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Banks and insurance companies in the Netherlands invest billions in shale gas and plastic production

Amsterdam, 16 July 2019 – Most major banks and insurers in the Netherlands invest heavily in companies that extract shale gas and produce plastics. ING is the largest financier of shale gas and plastics. Aegon and Allianz are the largest investors. Between 2010 and this year, the banks a total of 5.3 billion dollars to the gas and plastic companies examined. Banks and insurers invest 4 billion dollars in these companies.

This was established by the new practical research of the Fair Banking and Insurance Guide in collaboration with the Plastic Soup Foundation. Click here to read the report Plastic Finance; How Dutch financial institutions enable shale gas to fuel the plastic soup disaster. The report establishes the first direct relationship between investments in shale gas and plastic production and the increase in plastic soup on rivers, seas and oceans.

Fracking for Plastic

Due to cheap shale gas, production or (packaging) plastic has been increasing considerably. Since 2010, no less than 204 billion dollars has been invested in the United States in the expansion of plastic production based on ethane, a component or shale gas. Ethane is also transported to Europe with mammoth tankers. New plastic plants are being built in Antwerp to crack this ethane. Ethane is cheaper than the petroleum derivative naphta, traditionally used as raw material used for production of plastic. Ethane is used to make ethylene, a basis for all types of plastics such as PET and polyethylene.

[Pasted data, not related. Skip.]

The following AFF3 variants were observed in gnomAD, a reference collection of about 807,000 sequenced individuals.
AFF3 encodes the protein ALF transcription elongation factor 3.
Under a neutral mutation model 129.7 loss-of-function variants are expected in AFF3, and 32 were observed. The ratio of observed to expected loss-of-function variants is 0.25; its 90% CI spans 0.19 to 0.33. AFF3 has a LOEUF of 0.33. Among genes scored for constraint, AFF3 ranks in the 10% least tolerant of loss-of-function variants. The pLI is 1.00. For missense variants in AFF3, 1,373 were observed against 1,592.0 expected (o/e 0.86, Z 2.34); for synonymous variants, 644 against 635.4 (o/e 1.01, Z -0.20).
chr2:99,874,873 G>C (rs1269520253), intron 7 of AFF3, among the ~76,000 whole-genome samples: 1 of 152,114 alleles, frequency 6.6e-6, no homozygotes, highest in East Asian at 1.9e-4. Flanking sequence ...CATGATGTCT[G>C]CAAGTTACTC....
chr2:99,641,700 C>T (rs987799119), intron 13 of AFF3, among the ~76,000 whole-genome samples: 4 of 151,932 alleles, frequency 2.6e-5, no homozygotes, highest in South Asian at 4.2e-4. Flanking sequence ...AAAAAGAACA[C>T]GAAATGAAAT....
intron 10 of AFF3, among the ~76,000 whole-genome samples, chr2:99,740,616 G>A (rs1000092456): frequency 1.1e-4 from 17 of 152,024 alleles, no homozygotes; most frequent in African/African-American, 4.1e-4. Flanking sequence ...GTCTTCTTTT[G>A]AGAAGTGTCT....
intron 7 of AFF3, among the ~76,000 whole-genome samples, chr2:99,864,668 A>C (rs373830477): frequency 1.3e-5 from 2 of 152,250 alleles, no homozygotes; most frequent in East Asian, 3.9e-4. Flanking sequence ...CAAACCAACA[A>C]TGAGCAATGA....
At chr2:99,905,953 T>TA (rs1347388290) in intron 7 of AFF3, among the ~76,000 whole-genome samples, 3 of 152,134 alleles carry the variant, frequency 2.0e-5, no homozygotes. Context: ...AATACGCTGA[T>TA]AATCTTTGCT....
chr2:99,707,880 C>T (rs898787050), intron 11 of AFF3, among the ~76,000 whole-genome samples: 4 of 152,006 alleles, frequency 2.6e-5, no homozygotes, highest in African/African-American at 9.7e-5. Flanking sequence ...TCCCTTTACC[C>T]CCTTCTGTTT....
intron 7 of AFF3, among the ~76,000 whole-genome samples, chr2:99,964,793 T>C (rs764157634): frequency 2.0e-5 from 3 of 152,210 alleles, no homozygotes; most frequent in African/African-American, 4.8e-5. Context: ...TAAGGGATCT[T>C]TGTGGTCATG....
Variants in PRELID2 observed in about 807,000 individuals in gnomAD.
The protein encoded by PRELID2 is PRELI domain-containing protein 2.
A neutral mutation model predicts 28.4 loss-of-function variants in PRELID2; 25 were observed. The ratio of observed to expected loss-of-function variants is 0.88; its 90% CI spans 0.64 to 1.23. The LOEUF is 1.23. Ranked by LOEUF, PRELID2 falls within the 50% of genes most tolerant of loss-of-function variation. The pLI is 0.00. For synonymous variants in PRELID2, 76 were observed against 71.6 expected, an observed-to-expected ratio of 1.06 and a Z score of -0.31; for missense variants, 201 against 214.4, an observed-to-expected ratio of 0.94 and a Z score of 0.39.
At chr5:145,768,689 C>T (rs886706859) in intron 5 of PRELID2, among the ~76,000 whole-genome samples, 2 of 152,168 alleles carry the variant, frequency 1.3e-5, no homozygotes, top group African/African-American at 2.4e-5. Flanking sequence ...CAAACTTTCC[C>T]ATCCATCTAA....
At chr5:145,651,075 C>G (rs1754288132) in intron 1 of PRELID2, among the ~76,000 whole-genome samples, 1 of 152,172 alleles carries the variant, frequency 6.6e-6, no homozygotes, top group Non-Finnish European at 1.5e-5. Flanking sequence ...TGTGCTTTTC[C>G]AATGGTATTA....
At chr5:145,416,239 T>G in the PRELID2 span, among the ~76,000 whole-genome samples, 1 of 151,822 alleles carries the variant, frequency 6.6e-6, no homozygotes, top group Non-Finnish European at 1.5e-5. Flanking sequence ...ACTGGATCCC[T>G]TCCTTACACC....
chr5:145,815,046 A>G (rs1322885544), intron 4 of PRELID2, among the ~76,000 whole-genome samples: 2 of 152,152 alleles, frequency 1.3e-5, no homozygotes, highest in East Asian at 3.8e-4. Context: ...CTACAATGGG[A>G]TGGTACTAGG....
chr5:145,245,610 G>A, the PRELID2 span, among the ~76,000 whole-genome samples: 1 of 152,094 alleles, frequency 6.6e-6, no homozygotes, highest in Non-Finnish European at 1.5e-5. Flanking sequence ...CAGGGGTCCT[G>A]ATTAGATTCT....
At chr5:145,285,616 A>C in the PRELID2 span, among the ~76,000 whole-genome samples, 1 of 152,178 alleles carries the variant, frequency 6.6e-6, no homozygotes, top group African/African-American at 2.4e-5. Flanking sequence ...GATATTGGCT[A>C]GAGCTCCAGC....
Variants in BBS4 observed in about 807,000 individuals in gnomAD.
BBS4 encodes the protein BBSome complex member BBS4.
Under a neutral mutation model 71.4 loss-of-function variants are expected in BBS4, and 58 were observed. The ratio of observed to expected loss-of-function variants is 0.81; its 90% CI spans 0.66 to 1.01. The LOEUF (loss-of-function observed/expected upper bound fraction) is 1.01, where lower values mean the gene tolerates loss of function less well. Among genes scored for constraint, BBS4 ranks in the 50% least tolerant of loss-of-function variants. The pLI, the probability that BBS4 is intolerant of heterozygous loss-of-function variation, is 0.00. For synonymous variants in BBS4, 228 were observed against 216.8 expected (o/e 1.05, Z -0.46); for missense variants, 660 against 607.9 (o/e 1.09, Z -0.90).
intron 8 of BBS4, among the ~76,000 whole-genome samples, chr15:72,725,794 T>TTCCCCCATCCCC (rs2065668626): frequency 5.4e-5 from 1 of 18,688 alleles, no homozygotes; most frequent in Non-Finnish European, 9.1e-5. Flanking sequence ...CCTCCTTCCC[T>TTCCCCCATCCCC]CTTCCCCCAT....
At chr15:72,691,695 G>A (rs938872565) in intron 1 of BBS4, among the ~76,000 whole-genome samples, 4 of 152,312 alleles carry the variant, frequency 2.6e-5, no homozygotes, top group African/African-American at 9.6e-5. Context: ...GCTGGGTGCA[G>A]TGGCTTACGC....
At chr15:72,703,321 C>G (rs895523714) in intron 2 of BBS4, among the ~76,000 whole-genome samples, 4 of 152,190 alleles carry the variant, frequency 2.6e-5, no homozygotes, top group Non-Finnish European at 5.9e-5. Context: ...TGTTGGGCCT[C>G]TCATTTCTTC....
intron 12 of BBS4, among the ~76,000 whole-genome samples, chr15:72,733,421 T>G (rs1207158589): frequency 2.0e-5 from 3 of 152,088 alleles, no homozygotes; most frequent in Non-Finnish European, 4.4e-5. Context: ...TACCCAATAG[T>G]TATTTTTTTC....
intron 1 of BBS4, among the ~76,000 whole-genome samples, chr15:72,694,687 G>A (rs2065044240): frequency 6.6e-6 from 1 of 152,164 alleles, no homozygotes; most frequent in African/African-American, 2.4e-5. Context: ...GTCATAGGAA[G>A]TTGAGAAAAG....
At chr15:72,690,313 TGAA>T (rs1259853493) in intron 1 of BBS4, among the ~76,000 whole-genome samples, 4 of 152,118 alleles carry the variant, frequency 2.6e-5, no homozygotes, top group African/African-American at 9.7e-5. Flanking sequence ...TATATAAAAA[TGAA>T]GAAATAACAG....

Shale gas extraction is also a growing industry in Argentina. But plastic production is just one of many reasons why shale gas does not fit into a sustainable investment strategy. During loading, transport and handling of virgin plastic, many nurdles (the industrial base pellet) and up in the environment. These small plastic pellets are used as a semi-finished product in the production of virtually all plastic products.

Image Text: Does your bank pollute the world with plastic?

Investments by Dutch banks and insurance companies

The seven largest Dutch banks and the nine largest insurance groups in the Netherlands were investigated by the Fair Banking and Insurance Guide. Insurers Aegon and Allianz were found to be the largest investors in shale gas and plastics. On the reference date (18-20 February of this year), the stock portfolios of the joint Dutch banks and insurance companies in this sector had a total value of almost 4 billion dollars.

When it comes to loans, ING is largest by far, followed by ABN Amro. These figures are found in public sources on the financing of the ten selected shale gas and plastic companies. The total investments in shale gas and plastic companies are probably much higher.

Shale gas and plastic: a blind spot

The adverse effects of shale gas extraction on the environment and climate are well-known and are an increasing topic of conversation among investors. The direct relationship between shale gas and the production of plastic and, consequently, the leakage of plastic disposable products into the plastic soup in seas is underexposed and unknown to many market parties.